When designing a Shearline using MASS, the software relies on you to determine how the wall behaves
This article originally was featured on the MASS Software Blog, formerly hosted on the software section of the Canada Masonry Design Centre website. CMDC is the authorized technical service provider for the MASS Software
The Shearline module in MASS is a useful tool to quickly and easily determine how lateral, in-plane forces are distributed within a single elevation. While the scope of the shearline module is relatively basic and relies upon a number of simplifying assumptions in the analysis, it doesn’t take much time to gain an understanding of how these loads are distributed around openings and movement joints.
One of the required steps before the loads are distributed is for the user to review the position and geometry of each pier and decide whether it be modelled as “Fixed” or “Cantilever”. More specifically, as an elevation is laterally loaded, whether each element’s deflection would more closely resemble that of a fixed or cantilever shear wall. Below is an illustration of how a shear wall deflects when the top end fixity is left unrestrained, or cantilever (top), compared to a shear wall deflecting with the top end condition fixed, restricting only rotation (bottom).
While the difference has a big effect on the design of the shear wall (fixed top reduces factored moment by 50%, two critical sections instead of one), the important aspect when modelling a shearline is lateral stiffness and rigidity. Cantilever shear walls deflect more than those that are fixed from rotating therefore attracting less load relative to the other shear walls within the elevation. An example I posted online a few years ago is included below and runs through the entire process of designing a shear wall elevation using the Shearline module in MASS.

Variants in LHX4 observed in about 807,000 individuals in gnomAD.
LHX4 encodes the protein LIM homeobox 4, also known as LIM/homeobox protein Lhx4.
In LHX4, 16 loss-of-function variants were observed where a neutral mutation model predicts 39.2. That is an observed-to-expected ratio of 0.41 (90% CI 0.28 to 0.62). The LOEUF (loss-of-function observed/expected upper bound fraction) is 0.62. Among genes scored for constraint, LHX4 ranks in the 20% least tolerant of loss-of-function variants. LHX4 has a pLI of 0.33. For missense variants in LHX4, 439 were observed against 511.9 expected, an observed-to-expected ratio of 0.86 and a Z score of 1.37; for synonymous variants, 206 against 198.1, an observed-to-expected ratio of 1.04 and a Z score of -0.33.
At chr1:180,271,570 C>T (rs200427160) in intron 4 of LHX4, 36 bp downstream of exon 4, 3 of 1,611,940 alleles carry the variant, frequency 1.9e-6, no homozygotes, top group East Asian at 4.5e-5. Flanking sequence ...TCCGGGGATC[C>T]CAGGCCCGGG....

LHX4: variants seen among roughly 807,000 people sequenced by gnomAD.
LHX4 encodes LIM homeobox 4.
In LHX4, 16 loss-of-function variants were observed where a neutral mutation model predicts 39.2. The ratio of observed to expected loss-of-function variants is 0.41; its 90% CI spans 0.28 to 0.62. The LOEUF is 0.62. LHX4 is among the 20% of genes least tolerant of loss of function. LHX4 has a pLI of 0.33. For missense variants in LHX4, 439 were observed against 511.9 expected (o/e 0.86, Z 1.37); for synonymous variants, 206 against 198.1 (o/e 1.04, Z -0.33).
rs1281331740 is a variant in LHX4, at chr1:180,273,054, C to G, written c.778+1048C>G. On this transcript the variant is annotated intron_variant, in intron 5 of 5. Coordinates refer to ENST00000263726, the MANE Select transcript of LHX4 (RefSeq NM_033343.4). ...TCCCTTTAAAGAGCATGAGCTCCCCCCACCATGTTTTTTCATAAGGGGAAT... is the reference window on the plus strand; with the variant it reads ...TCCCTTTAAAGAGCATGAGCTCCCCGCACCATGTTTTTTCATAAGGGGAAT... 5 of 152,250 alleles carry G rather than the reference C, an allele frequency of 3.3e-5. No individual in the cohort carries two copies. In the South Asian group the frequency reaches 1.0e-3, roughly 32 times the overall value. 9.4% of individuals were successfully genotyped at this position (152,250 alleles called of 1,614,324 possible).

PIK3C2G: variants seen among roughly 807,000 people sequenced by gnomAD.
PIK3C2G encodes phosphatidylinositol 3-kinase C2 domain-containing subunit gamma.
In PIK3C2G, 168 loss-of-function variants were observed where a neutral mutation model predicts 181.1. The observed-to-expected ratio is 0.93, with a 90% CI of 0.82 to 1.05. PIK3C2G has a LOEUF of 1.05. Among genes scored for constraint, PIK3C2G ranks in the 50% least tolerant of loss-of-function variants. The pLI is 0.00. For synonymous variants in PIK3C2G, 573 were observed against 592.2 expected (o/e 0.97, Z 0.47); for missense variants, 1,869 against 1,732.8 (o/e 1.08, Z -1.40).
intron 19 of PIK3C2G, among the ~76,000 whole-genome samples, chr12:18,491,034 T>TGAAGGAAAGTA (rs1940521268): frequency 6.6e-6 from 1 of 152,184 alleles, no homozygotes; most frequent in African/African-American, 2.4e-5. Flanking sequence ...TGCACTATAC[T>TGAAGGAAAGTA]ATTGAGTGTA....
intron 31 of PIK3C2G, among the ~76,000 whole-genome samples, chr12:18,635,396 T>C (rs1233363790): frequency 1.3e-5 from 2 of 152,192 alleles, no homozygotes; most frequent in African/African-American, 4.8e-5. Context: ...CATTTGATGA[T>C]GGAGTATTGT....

Looking at the example from the video, consider the two piers highlighted below:
The leftmost pier has nothing above it to restrict lateral rotation so it’s behaviour would more closely resemble that of a cantilever pier. Conversely, the pier on the right has a significant area of masonry which would more likely cause it’s deflected shape to more closely resemble that of a fixed pier.
How to decide of a pier is modelled as a Fixed or Cantilever shear wall
When MASS Version 2.0 was in development, CMDC looked into creating an algorithm that could look at an elevation and automatically designate each element as fixed or cantilever. Unfortunately, development of this functionality did not proceed very far because there was nothing in any building codes, CSA standards, or even consensus within the design community regarding what exactly constitutes fixity at the top of a shear wall. As a result, end fixities were left as direct user inputs, having to be manually assigned by the designer, using their professional engineering judgment, each time a Shearline is created.
Often when there is a difficult engineering judgment, the response it to make the more conservative decision. While there are other design decisions in the development of MASS where choices were made in the interest of remaining conservative, there is no clear-cut “conservative” decision when it comes to lateral load distribution. While a fixed shear wall deflects less (thus attracting a larger shear force due to the increased rigidity) compared to a cantilever shear wall, it is important to remember that lateral, in-plane load distribution is relative. What increases loading for one element will take away from all of the others.
It is no coincidence that the examples shown on the MASS website, in the help files (found by pressing F1 within MASS), in the CMDC Masonry Design Textbook, or shown here highlight cases that are not particularly controversial when it comes to differentiating between fixed and cantilever behaviour. As an example, consider Figure 40 (shown below) from section 6.2 of the MASS Help Files demonstrating a) highlighted piers that would behave as cantilever compared to b) highlighted piers that would behave as fixed shear walls:
The reality is that there are many cases in the middle that can be taken either way with arguments on both sides having valid and rational points. At the end of the day, it is left up to the judgment of the engineer to make the final call.
If you have any questions, please do not hesitate to call or email the Canada Masonry Design Centre.